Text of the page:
Nairn - Original Police Station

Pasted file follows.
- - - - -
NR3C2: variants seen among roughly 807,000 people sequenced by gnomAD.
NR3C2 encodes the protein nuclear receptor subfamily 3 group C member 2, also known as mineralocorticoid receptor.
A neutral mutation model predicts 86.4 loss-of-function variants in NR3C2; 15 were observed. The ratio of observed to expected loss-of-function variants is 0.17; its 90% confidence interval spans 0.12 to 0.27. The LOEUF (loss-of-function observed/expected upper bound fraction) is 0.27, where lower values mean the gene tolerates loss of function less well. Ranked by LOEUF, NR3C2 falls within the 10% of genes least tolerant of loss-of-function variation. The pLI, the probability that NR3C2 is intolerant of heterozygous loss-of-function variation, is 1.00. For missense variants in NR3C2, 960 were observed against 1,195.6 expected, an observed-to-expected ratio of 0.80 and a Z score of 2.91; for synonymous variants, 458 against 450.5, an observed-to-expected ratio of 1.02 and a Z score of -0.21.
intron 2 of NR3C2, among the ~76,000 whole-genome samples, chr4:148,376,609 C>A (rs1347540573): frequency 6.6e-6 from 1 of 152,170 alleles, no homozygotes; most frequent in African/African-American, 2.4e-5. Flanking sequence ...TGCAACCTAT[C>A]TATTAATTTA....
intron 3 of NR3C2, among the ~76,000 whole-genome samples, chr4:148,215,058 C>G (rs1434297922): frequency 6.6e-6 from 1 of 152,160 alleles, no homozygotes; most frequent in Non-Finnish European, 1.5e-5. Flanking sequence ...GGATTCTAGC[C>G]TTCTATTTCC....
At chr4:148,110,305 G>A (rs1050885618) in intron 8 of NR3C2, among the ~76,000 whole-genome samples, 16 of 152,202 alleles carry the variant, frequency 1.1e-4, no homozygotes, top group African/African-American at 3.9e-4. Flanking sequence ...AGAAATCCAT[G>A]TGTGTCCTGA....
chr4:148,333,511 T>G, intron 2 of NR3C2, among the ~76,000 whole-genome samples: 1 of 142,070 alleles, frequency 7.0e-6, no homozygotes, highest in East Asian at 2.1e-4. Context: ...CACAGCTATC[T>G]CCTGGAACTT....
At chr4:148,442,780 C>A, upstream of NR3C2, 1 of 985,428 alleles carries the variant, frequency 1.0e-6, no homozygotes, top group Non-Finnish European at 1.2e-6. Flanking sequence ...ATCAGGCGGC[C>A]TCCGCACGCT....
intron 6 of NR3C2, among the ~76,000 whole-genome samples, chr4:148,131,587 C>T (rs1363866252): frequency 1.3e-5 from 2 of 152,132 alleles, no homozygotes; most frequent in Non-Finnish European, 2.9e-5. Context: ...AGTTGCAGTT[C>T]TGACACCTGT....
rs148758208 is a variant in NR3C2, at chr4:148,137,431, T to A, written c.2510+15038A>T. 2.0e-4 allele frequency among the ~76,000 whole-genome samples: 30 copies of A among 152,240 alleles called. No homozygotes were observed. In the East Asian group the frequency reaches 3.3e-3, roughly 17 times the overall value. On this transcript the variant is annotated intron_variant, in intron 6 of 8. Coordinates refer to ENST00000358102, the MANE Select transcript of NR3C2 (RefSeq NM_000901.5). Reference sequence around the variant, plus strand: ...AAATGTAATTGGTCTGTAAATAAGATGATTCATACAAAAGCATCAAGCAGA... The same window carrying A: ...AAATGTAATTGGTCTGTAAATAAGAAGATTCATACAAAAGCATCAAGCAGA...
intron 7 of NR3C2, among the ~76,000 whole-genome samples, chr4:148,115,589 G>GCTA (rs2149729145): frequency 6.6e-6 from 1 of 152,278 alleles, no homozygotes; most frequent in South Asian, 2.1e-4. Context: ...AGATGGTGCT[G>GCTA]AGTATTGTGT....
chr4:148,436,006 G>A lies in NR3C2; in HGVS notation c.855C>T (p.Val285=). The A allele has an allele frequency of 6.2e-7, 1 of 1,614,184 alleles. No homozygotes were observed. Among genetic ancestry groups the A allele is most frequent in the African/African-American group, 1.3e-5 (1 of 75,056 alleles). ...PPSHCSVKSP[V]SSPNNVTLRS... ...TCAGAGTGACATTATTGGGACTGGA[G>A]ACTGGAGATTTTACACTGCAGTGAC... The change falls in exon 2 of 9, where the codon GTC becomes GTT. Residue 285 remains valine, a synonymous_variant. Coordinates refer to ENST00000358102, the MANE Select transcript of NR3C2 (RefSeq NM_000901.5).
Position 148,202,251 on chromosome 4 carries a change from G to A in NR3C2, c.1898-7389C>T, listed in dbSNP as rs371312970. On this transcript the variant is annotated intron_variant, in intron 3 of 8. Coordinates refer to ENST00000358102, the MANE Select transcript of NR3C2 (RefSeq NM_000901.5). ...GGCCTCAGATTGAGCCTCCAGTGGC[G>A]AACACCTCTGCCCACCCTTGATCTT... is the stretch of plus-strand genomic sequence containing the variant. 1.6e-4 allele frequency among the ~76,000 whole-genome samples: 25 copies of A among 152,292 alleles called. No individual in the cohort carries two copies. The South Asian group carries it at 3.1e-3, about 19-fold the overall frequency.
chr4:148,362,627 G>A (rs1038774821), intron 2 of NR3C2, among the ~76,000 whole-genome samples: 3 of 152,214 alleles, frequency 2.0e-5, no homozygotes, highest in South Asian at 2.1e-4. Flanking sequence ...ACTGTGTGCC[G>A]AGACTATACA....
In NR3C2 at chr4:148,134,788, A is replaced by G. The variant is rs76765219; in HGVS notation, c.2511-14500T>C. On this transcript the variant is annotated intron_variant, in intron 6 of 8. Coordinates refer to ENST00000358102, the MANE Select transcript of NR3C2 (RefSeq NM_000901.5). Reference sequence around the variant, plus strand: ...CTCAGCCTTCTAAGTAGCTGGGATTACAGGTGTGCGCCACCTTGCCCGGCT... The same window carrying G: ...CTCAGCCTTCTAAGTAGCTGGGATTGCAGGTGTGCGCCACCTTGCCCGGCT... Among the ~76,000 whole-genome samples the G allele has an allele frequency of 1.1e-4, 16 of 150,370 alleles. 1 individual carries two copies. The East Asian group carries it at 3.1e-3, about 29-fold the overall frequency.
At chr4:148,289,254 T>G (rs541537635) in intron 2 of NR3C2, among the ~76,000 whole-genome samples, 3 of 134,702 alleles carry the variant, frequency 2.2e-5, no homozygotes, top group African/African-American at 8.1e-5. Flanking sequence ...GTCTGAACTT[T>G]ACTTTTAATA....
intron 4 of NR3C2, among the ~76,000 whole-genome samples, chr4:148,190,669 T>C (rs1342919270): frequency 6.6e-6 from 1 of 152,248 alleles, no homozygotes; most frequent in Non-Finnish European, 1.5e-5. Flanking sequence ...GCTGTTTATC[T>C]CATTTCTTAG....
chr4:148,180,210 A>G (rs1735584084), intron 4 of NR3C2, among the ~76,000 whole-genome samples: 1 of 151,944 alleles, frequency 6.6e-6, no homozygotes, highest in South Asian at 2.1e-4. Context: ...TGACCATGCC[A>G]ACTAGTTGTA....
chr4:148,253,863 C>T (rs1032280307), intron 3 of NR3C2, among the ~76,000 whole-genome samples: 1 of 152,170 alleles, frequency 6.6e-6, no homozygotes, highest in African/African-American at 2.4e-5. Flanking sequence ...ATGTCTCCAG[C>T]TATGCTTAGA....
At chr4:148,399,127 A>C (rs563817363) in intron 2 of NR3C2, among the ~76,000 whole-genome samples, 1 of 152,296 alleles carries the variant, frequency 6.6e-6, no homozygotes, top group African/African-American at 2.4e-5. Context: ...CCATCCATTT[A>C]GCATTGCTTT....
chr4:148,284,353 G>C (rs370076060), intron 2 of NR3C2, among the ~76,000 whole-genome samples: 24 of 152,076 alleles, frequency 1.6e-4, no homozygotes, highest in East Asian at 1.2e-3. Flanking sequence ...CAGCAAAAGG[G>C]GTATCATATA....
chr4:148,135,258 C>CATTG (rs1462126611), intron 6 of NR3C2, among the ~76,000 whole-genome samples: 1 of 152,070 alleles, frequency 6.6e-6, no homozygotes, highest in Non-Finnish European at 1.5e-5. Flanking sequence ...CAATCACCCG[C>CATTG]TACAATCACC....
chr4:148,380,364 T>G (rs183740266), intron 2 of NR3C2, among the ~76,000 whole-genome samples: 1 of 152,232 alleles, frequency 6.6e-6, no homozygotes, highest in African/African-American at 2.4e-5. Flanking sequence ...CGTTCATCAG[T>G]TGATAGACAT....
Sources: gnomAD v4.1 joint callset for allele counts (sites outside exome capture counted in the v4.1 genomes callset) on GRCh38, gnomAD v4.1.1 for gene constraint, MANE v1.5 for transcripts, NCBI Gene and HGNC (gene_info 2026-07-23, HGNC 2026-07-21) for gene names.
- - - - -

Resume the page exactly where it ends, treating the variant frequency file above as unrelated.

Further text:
Although the Nairnshire Constabulary and (while it existed) Nairn Burgh Police each had an office of sorts within the Burgh of Nairn, this was the first purpose-built Police building. It is minuted in the records of the Nairnshire Police Committee that in March 1868, Mr Hector Maclean produced an offer to sell - at 6d per square foot with ?5 extra for the dykes - as much of his ground "southward of King Street and westward of Free Church Street" as might be required for the Police Headquarters, to include Station House, Police Offices, and dwellings for 2 men". The offer was accepted, to the extent of 70 feet from King Street along Free Church Street. Mr Reid , Architect, Nairn, was instructed to draw up plans. These were produced at a further meeting on 17 March, and several alterations were ordered. Two days later he was back with the amended plans, which were finally approved after some more tinkering. Reid estimated the cost of the building would be ?700, exclusive of the purchase of the land, and the go-ahead was given, subject to the Secretary of State's approval. The Scottish Office duly approved, and on 16/6/68 estimates for constructing the new building were accepted from: Robert Squair, Mason, Nairn for Masonry work: ?358 George B Mackintosh, Douglas Street, for Carpentry work: ?174:18:0d John Russell, Inverness, for Slater work: ? 29:15:9d A.R. Christie, for Plumber work: ? 22: 5:0d I. Watson, for Plaster work: ? 32:10:0d ---------------------------- Total : ?617: 8:0d On 2nd July the contract for the new Headquarters was signed. It was also decided to put glazed bricks instead of ordinary ones in the new cells, to a height of 7 feet from ground level, which would cost an extra ?5. The Chief Constable, Mr Stirling had proposed that PC Fraser occupy the lower flat of the new building rent-free in consideration of him (or more likely his wife) taking charge of the cells and keeping the offices clean and in good order. This was approved, as was the proposal that Fraser also receive an annual allowance of 5/- to cover outlays in this respect. Sergeant Ross (who was the Deputy Chief Constable and only rank in the force other than the Chief) was awarded the tenancy of the upper flat at a weekly rent of 1/4d (one shilling and four pence) which would be deducted from his wages. By the January meeting of 1869 the new Headquarters was built but Mr Reid stated that before being declared completed he felt the internal woodwork of the offices should be painted. After a site visit, the Committee instructed Mr Reid to get the whole internal woodwork painted - except for the houses - with three coats of plain paint. Furnishings and miscellaneous items to kit out the new building had cost ?11:15:3d. Mr Stirling had drawn up a set of rules for the use and cleaning of the offices and cells, for the Sheriff's approval. An inventory was also recorded of absolutely every item in the new Police Office, and it was also agreed to have the words "Police Office" painted above the entrance to the building and in the lobby on the door into the Public office. "Chief Constable's Office" would also be painted on the door of Mr Stirling's office. The inventory makes fascinating reading. Only grates (kitchen and room) and gas fittings in both houses, plus window rollers and fittings (upstairs flat only), are listed in respect of the two flats. The Chief Constable's office was equipped with the following: mahogany writing table, pine pigeon hole cupboard, oil cloth floor covering, 3 chairs (no staff meetings obviously!), grate with fire accessories, letter copying press with stand, 2 wire gauze window blinds, water carafe with 2 tumblers, inkstand and ruler, 6 cutlasses, 2 spring snips, (handcuffs) 40 batons, clothes brush, floor mat and gas light fittings. Supplied for the Police Office proper were: a wooden counter with drawers, 2 chairs and 2 stools, fender and fire irons, a pine table with drawers, a hardwood settle, water can and two tumblers, 2 inkstands and rulers, a coal scuttle and a grate with hanging hooks. (Note: NO KETTLE !) The "Strong rooms" (cells) - were provided with: 2 slop pails, 2 strong jugs, 3 rugs and a stove, shovel and poker. Once all bills were paid for the new Office, including ?106:8:6 to Hector Maclean for the land and Mr Davidson's legal fees, the total sum came to ?792:16:9d. At this stage the Force consisted of 6 men, (1 Chief, 1 Sergrant and 4 Constables, 3 of which were stationed outwith the Burgh). The force grew over time, and eventually outgrew the building. In the 1960s, a new Police Station was built on the opposite side od the road (and has just